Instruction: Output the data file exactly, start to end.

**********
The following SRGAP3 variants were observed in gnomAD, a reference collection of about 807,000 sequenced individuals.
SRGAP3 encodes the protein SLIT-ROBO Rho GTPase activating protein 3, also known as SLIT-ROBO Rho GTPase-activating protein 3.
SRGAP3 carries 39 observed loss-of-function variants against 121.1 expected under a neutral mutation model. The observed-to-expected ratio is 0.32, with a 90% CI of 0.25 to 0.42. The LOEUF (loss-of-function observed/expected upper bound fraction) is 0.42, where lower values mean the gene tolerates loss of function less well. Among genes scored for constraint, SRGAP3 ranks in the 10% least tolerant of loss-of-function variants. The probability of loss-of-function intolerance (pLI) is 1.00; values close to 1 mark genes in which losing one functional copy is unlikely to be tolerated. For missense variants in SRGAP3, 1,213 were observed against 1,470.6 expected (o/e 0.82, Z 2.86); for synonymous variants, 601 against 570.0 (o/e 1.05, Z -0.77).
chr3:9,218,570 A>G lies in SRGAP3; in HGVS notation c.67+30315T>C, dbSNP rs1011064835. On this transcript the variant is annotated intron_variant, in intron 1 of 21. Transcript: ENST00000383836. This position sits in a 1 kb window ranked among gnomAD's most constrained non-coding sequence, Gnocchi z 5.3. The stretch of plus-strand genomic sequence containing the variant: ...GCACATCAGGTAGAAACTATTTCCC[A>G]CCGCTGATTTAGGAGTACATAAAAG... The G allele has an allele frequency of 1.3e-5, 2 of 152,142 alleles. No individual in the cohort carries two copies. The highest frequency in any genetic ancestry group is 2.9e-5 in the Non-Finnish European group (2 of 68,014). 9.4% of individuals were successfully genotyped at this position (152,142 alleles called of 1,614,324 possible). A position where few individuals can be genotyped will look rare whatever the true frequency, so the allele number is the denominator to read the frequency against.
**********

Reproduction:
The following SRGAP3 variants were observed in gnomAD, a reference collection of about 807,000 sequenced individuals.
SRGAP3 encodes the protein SLIT-ROBO Rho GTPase activating protein 3, also known as SLIT-ROBO Rho GTPase-activating protein 3.
SRGAP3 carries 39 observed loss-of-function variants against 121.1 expected under a neutral mutation model. The observed-to-expected ratio is 0.32, with a 90% CI of 0.25 to 0.42. The LOEUF (loss-of-function observed/expected upper bound fraction) is 0.42, where lower values mean the gene tolerates loss of function less well. Among genes scored for constraint, SRGAP3 ranks in the 10% least tolerant of loss-of-function variants. The probability of loss-of-function intolerance (pLI) is 1.00; values close to 1 mark genes in which losing one functional copy is unlikely to be tolerated. For missense variants in SRGAP3, 1,213 were observed against 1,470.6 expected (o/e 0.82, Z 2.86); for synonymous variants, 601 against 570.0 (o/e 1.05, Z -0.77).
chr3:9,218,570 A>G lies in SRGAP3; in HGVS notation c.67+30315T>C, dbSNP rs1011064835. On this transcript the variant is annotated intron_variant, in intron 1 of 21. Transcript: ENST00000383836. This position sits in a 1 kb window ranked among gnomAD's most constrained non-coding sequence, Gnocchi z 5.3. The stretch of plus-strand genomic sequence containing the variant: ...GCACATCAGGTAGAAACTATTTCCC[A>G]CCGCTGATTTAGGAGTACATAAAAG... The G allele has an allele frequency of 1.3e-5, 2 of 152,142 alleles. No individual in the cohort carries two copies. The highest frequency in any genetic ancestry group is 2.9e-5 in the Non-Finnish European group (2 of 68,014). 9.4% of individuals were successfully genotyped at this position (152,142 alleles called of 1,614,324 possible). A position where few individuals can be genotyped will look rare whatever the true frequency, so the allele number is the denominator to read the frequency against.